Aug 17, 2011 at 3:15 pm #1278194
Hello to all,
I am new to the ultralight ideology but I definitely identify with it. My gear list will most likely make it clear that I'm an amateur. And that's why I'm here. Kindly look through the list if you wish and offer whatever you will. I appreciate it.
And again, I understand there are some things here that I may not need and some that could be lighter. This list is in it's infancy.
Osprey Aether 70 pack, 4,400 cu in., — 5 lbs., 3 oz.
Snow Peak Hybrid Trail Cook Set, — 8 oz.
Soto OD-1R Micro Regulator stove, — 2.6 oz.
Uco Storm proof match kit, — 1.7 oz.
2 fuel canisters, $10-12 — 16 oz.
MSR Miniworks water purifier, — 14.6 oz.
Knife — 4 oz.
Petzl Tikka Plus 2 headlamp, — 3 oz.
The North Face Green Kazoo +15 sleeping bag, — 3 lbs.
Therm-a-Rest ProLite Sleeping Pad, — 22 oz.
Tarptent Moment Tent, — 30 oz.
CamelBak UnBottle Insulater Reservoir 70 oz., — 4.5 oz
32 oz. Gatorade Bottle —
BearVault bv500 container, — 2 lbs. 9 oz.
Patagonia Torentshell Jacket, — 11.5 oz.
Patagonia Down Sweater, — 12.5 oz.
Patagonia capilene silkweight crew, — 4.2 oz.
Patagonia capilene 1 silkweight bottoms, — 4.3 oz.
Patagonia cpilene 1 silkweight boxer brief, — 2 oz.
PMI 3mm Utility cord, 50 ft., — 4 oz.
Mountain Hardwear Power Stretch Glove, — 1.4 oz.
Mountain Hardwear Micro Power Stretch Dome, — 1 oz.
t-shirt, — 5.4 oz.
Mountain Hardwear Refueler Short, — 3.5 oz.
Patagonia rock guide pants, — 10.5 oz.
Mountain Hardwear Canyon Long Sleeve shirt, — 11.6 oz
Mountain Hardwear Wicked Lite Short Sleeve Tee, — 4.2 oz
Patagonia cpilene 1 silkweight boxer brief, — 2 oz.
Columbia Omni-Shade Bora-Bora Hat, —
Patagonia Friction Belt, — 2.2 oz.
Trail RunnersAug 17, 2011 at 3:50 pm #1770489
I am new here too and I don't really know your goals or what portion of the JMT you are doing. The whole thing? I also don't know conditions but some feedback I can give, again from a new-to-this perspective:
Mini bic lighter instead of matches
Ground cover for tent
Platypus reservoir instead of Camelbak to save weight
Patagonia Torrentshell pullover instead of jacket to save weight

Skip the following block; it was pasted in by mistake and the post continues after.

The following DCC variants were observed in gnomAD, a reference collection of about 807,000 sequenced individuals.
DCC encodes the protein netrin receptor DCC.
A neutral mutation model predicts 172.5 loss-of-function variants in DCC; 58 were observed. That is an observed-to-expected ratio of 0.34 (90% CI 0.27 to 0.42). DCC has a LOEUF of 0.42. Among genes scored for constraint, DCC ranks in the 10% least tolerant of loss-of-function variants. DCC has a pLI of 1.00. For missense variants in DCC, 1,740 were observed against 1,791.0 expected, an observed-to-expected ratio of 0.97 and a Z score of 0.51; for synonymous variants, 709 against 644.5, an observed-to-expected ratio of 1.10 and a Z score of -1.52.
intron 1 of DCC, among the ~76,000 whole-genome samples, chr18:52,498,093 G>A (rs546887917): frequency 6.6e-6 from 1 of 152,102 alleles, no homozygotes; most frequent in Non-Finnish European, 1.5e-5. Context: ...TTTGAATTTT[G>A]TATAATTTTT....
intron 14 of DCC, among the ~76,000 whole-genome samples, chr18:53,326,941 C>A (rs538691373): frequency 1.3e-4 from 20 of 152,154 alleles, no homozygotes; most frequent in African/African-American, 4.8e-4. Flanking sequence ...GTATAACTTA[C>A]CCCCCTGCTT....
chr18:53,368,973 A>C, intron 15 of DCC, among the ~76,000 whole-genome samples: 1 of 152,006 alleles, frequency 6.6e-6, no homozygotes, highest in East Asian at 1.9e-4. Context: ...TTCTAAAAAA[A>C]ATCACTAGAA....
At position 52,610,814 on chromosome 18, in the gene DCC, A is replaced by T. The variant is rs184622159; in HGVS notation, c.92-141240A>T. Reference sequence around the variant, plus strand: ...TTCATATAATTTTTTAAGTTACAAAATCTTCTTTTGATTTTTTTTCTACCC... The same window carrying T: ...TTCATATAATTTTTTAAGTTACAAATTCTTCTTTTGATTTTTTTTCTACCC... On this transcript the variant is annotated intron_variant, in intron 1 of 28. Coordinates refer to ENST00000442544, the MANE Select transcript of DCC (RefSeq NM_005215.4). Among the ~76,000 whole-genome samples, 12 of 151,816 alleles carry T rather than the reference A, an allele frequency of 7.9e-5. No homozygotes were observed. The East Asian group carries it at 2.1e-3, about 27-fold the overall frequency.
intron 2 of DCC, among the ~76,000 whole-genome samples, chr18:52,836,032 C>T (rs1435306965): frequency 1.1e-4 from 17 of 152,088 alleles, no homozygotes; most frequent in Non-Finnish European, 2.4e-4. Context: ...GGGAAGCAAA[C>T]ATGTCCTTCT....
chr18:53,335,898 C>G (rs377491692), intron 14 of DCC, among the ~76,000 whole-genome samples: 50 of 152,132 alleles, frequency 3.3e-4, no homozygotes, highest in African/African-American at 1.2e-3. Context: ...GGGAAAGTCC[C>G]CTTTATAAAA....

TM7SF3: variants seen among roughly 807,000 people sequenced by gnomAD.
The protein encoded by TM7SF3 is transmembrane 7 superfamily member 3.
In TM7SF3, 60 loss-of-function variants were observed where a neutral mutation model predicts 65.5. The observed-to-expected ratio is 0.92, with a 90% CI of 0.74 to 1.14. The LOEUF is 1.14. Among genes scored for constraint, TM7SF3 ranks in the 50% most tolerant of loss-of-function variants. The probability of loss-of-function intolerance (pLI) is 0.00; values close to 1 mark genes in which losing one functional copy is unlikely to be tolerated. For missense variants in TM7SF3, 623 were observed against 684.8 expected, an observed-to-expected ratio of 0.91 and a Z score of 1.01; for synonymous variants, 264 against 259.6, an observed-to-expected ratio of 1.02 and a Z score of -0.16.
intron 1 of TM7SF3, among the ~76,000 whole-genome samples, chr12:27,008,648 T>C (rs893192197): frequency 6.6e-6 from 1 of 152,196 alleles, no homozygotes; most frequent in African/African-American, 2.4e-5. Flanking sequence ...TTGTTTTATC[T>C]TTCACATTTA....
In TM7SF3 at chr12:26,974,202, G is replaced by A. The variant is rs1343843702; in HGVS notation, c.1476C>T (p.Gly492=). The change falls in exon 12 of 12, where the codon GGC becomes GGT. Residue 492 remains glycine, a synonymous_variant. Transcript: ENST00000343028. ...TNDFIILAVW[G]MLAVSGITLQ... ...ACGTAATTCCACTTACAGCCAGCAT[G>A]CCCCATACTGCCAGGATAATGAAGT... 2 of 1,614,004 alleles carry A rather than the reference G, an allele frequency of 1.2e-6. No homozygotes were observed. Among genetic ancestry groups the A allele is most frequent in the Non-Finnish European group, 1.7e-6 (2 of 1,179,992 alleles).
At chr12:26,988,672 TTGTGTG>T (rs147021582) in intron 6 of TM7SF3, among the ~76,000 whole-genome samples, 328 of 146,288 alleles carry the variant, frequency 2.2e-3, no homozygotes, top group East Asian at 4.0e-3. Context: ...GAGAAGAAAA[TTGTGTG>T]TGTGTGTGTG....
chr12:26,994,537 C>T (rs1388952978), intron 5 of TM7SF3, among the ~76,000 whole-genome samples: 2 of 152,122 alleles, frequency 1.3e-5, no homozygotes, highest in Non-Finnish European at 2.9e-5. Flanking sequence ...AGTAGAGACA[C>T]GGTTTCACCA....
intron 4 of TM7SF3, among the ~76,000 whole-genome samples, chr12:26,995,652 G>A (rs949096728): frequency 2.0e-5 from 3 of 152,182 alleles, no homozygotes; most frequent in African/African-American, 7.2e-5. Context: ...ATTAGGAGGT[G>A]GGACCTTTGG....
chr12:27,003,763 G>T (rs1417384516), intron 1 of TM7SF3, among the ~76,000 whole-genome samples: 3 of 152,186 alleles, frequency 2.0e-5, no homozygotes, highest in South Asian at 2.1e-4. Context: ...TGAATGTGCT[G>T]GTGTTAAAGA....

Patagonia Ultralight Down Sweater to save weight
Do you really need the belt?
Pack seems kind of heavy.
Sorry, all my ideas require you to spend money :(Aug 17, 2011 at 4:21 pm #1770504
@daviddrakeLocale: North Idaho
Low hanging fruit:
>Pack is way too big and heavy. Under 2# with plenty of volume is easy to find.
>Drop most of your cook set. My Snow Peak 600 Ti mug weighs 3 oz with MYOG lid. You don't need more.
>You will need a windscreen for your stove. MYOG for few dollars and about 1 oz in weight.
>Aquamira instead of filter. 1 oz (repackaged) vs. 14.6. $15.
>Sleeping bag can be half that weight for 20* in down. But $$$. Or use your clothes to boost temp of a lighter bag, save more weight and the bag will cost less. I bought a GoLite 1+ season quilt for $120 (40% coupon) and have had it comfortably in the 30s wearing clothes and down jacket. Not sure what JMT (or your physiology) requires.
>3/4 length Prolite is 10.7 oz ~$80.
>Too many clothes.
>A lot of your smaller items have lightweight equivalents (half the weight or less) which don't cost an arm and a leg. Save close to 1/2 # altogether.
>Your Tarptent has a bathtub floor, I believe–no need for another groundsheet esp. with good site selection. But a tarp will save lots of weight (mine is MYOG, shaped for good weather protection, and weighs less than 16 oz including all stakes, guylines and polycro groundsheet.).
>I have a Torrentshell and like it, but mine weighs 12.3 oz in size small. A DriDucks jacket weighs 6 oz and costs $15.
>Your down sweater is a little heavy but IIRC, also a bit warmer than a Montbell Down Inner (the jacket I have–6.5 oz, $155 retail). Still, a new down piece is $$$. You could get a new pack for the same or less money that would shave *pounds* off your base, not ounces.Aug 17, 2011 at 5:52 pm #1770537